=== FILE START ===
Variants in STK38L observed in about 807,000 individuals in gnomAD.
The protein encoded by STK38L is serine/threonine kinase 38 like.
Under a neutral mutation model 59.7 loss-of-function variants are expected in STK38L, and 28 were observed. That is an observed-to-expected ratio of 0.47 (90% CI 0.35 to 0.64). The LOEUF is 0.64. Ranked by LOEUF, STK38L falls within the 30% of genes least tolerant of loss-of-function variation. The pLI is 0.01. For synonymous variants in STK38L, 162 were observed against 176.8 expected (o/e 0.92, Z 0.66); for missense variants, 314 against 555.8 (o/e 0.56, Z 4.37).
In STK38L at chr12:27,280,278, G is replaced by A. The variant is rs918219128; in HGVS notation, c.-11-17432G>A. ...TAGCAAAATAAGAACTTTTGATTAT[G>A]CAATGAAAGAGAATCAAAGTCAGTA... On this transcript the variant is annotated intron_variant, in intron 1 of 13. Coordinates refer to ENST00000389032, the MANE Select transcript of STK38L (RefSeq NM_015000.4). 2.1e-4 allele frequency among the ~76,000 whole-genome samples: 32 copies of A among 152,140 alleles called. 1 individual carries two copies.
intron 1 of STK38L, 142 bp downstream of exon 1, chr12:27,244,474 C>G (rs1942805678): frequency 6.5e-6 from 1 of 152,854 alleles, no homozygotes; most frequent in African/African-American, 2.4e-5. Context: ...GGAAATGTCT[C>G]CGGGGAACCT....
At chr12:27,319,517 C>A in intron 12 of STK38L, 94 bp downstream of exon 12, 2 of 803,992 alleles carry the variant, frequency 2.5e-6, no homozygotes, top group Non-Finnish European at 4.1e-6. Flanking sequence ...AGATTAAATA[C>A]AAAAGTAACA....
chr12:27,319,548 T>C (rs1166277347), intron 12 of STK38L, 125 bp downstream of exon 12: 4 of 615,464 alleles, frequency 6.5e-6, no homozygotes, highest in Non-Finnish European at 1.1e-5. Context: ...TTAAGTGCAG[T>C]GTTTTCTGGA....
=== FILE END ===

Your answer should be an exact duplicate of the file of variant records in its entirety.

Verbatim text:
Variants in STK38L observed in about 807,000 individuals in gnomAD.
The protein encoded by STK38L is serine/threonine kinase 38 like.
Under a neutral mutation model 59.7 loss-of-function variants are expected in STK38L, and 28 were observed. That is an observed-to-expected ratio of 0.47 (90% CI 0.35 to 0.64). The LOEUF is 0.64. Ranked by LOEUF, STK38L falls within the 30% of genes least tolerant of loss-of-function variation. The pLI is 0.01. For synonymous variants in STK38L, 162 were observed against 176.8 expected (o/e 0.92, Z 0.66); for missense variants, 314 against 555.8 (o/e 0.56, Z 4.37).
In STK38L at chr12:27,280,278, G is replaced by A. The variant is rs918219128; in HGVS notation, c.-11-17432G>A. ...TAGCAAAATAAGAACTTTTGATTAT[G>A]CAATGAAAGAGAATCAAAGTCAGTA... On this transcript the variant is annotated intron_variant, in intron 1 of 13. Coordinates refer to ENST00000389032, the MANE Select transcript of STK38L (RefSeq NM_015000.4). 2.1e-4 allele frequency among the ~76,000 whole-genome samples: 32 copies of A among 152,140 alleles called. 1 individual carries two copies.
intron 1 of STK38L, 142 bp downstream of exon 1, chr12:27,244,474 C>G (rs1942805678): frequency 6.5e-6 from 1 of 152,854 alleles, no homozygotes; most frequent in African/African-American, 2.4e-5. Context: ...GGAAATGTCT[C>G]CGGGGAACCT....
At chr12:27,319,517 C>A in intron 12 of STK38L, 94 bp downstream of exon 12, 2 of 803,992 alleles carry the variant, frequency 2.5e-6, no homozygotes, top group Non-Finnish European at 4.1e-6. Flanking sequence ...AGATTAAATA[C>A]AAAAGTAACA....
chr12:27,319,548 T>C (rs1166277347), intron 12 of STK38L, 125 bp downstream of exon 12: 4 of 615,464 alleles, frequency 6.5e-6, no homozygotes, highest in Non-Finnish European at 1.1e-5. Context: ...TTAAGTGCAG[T>C]GTTTTCTGGA....